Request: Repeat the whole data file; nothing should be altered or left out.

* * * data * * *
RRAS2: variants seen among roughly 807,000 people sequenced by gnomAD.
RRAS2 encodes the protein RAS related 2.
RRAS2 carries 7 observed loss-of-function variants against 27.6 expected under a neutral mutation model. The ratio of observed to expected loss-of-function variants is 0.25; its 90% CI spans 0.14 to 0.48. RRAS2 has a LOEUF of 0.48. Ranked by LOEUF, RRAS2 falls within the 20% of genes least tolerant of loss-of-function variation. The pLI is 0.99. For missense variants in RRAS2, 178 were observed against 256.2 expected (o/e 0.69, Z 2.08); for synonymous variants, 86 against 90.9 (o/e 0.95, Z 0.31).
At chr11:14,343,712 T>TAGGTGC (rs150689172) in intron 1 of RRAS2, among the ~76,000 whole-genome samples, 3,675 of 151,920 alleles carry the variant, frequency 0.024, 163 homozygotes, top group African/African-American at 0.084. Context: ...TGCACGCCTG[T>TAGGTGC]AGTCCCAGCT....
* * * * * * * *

RRAS2: variants seen among roughly 807,000 people sequenced by gnomAD.
RRAS2 encodes the protein RAS related 2.
RRAS2 carries 7 observed loss-of-function variants against 27.6 expected under a neutral mutation model. The ratio of observed to expected loss-of-function variants is 0.25; its 90% CI spans 0.14 to 0.48. RRAS2 has a LOEUF of 0.48. Ranked by LOEUF, RRAS2 falls within the 20% of genes least tolerant of loss-of-function variation. The pLI is 0.99. For missense variants in RRAS2, 178 were observed against 256.2 expected (o/e 0.69, Z 2.08); for synonymous variants, 86 against 90.9 (o/e 0.95, Z 0.31).
At chr11:14,343,712 T>TAGGTGC (rs150689172) in intron 1 of RRAS2, among the ~76,000 whole-genome samples, 3,675 of 151,920 alleles carry the variant, frequency 0.024, 163 homozygotes, top group African/African-American at 0.084. Context: ...TGCACGCCTG[T>TAGGTGC]AGTCCCAGCT....